Court of Appeals rules against McAdoo
The North Carolina Court of Appeals has affirmed a decision by a lower court that dismissed a lawsuit brought by former UNC football player Michael McAdoo.
McAdoo had sued the University of North Carolina at Chapel Hill, Chancellor Holden Thorp and the NCAA claiming UNC did not follow its own procedures before reporting him to the NCAA, which eventually ruled McAdoo permanently ineligible to play football.
McAdoo claimed that if he had been able to play football at UNC during his senior year, he would have been in a better position to be drafted by the NFL and receive a more lucrative contract.
When the case was heard in Durham County Superior Court, Superior Court Judge Orlando Hudson dismissed the case in November 2011, and McAdoo then appealed that decision.
The Court of Appeals released its decision Tuesday morning, saying that McAdoo had not sustained any injury because his scholarship was never terminated and that his case was moot because he accomplished the goal he sought to achieve – playing in the NFL.
The court also ruled that the remedies that McAdoo sought were hypothetical because there was no proof of his claim that if he had been allowed to play football his senior year at UNC, he would been drafted and signed a better contract with an NFL team.
McAdoo’s attorney, Noah Huffstetler, argued in front of the three-judge panel on Sept. 13, 2012, that UNC had a contractual agreement with students that if they are alleged to have violated the student honor code, the student Honor Court is the body that investigates, holds hearings and determines if students are guilty or not guilty and then issues punishments if found guilty.
Huffstetler argued it was not the university’s or the NCAA’s right to determine whether McAdoo had violated the honor code when his former tutor, Jennifer Wiley, wrote the footnote citations for a paper he wrote.
In the Court of Appeals ruling, which includes a summary of the events that led up to the academic as well as NCAA violations, it stated that McAdoo wrote the paper, then emailed Wiley a list of the websites and books he used as sources for the paper and asked her help in writing the citations.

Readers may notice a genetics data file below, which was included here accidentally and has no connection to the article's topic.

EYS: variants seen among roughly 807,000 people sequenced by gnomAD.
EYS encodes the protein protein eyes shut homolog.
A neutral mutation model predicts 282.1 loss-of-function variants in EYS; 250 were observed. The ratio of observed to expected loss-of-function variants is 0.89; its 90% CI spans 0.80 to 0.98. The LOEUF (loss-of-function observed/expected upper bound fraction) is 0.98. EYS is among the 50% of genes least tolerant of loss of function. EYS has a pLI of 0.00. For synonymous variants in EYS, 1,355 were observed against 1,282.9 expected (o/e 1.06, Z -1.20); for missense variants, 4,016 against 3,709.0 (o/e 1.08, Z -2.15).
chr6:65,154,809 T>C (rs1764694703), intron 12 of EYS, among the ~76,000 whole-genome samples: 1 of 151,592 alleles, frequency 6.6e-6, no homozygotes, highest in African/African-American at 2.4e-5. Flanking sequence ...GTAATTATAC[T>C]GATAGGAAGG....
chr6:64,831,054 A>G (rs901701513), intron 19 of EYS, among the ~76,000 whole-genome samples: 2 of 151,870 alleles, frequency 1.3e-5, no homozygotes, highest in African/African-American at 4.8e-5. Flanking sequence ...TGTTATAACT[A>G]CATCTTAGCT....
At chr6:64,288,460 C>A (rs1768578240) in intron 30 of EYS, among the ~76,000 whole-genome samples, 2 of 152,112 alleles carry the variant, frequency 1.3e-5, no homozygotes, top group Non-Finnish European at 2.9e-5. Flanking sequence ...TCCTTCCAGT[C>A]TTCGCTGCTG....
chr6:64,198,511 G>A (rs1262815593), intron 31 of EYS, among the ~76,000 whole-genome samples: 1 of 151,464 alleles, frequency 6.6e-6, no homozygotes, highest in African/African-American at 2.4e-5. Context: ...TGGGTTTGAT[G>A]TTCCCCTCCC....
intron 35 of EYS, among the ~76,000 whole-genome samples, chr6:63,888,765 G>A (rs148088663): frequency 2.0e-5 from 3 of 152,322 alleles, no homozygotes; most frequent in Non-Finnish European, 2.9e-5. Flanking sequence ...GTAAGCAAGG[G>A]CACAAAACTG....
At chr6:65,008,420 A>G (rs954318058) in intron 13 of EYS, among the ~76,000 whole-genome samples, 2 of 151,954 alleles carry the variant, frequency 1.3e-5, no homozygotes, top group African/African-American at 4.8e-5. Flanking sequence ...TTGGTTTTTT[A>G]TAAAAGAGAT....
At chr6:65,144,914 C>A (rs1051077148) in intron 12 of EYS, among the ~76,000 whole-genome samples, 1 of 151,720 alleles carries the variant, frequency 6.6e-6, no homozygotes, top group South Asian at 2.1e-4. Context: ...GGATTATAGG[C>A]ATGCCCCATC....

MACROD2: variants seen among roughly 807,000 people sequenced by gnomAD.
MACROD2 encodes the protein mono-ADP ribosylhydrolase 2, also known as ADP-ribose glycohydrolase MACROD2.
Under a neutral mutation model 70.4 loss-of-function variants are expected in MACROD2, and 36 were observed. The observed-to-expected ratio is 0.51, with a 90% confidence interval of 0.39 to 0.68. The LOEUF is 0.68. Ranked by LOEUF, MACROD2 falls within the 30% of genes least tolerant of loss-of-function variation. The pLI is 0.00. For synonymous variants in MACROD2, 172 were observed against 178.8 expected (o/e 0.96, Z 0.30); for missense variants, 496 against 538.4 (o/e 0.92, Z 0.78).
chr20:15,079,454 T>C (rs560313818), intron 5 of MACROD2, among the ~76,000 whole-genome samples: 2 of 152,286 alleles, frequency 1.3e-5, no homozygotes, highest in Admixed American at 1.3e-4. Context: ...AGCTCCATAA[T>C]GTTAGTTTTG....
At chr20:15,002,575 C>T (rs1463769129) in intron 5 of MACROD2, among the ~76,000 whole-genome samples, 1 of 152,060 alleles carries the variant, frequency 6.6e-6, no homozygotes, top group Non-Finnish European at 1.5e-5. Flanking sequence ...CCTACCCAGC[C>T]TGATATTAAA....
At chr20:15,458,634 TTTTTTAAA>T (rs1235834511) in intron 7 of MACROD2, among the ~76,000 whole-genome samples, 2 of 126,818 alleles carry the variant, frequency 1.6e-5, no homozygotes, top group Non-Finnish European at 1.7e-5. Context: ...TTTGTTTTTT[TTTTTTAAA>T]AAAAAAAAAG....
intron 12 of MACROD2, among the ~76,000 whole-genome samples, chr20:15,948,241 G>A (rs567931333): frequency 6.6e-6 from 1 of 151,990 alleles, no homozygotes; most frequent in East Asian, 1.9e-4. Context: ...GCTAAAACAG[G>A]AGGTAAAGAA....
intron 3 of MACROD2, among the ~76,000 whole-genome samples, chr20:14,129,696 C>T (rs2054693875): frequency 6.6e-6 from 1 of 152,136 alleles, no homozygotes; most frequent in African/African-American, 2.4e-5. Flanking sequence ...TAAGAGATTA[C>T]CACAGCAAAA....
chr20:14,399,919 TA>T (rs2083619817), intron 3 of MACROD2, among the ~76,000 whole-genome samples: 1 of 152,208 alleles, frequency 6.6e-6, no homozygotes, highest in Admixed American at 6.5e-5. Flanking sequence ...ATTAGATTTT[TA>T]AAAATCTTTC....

She wrote the citations and sent them back in an email, saying she thought she had done them correctly.
The revelations about academic fraud came to light while the university was investigating whether football players had accepted improper benefits from sports agents.
McAdoo was found to have received improper benefits of $99 when he allowed a teammate to pay for his hotel room in Washington, D.C., and got into a club for free that had a $10 cover charge. The hotel room, however, was actually paid for by a prospective sports agent.
As part of that investigation, UNC began reading McAdoo’s emails.
“This investigation went in an unexpected direction when UNC began to inspect the players’ email communication for evidence of improper sports agent contacts,” according to the factual background of the case included in the ruling.
“When UNC examined McAdoo’s emails, it found reason to believe Wiley’s assistance to McAdoo may have violated the school’s academic honesty standards.” UNC officials interviewed McAdoo in August 2010, and he said the level of help Wiley had provided on his paper was typical of the type of help she provided him while she was his tutor, the ruling stated.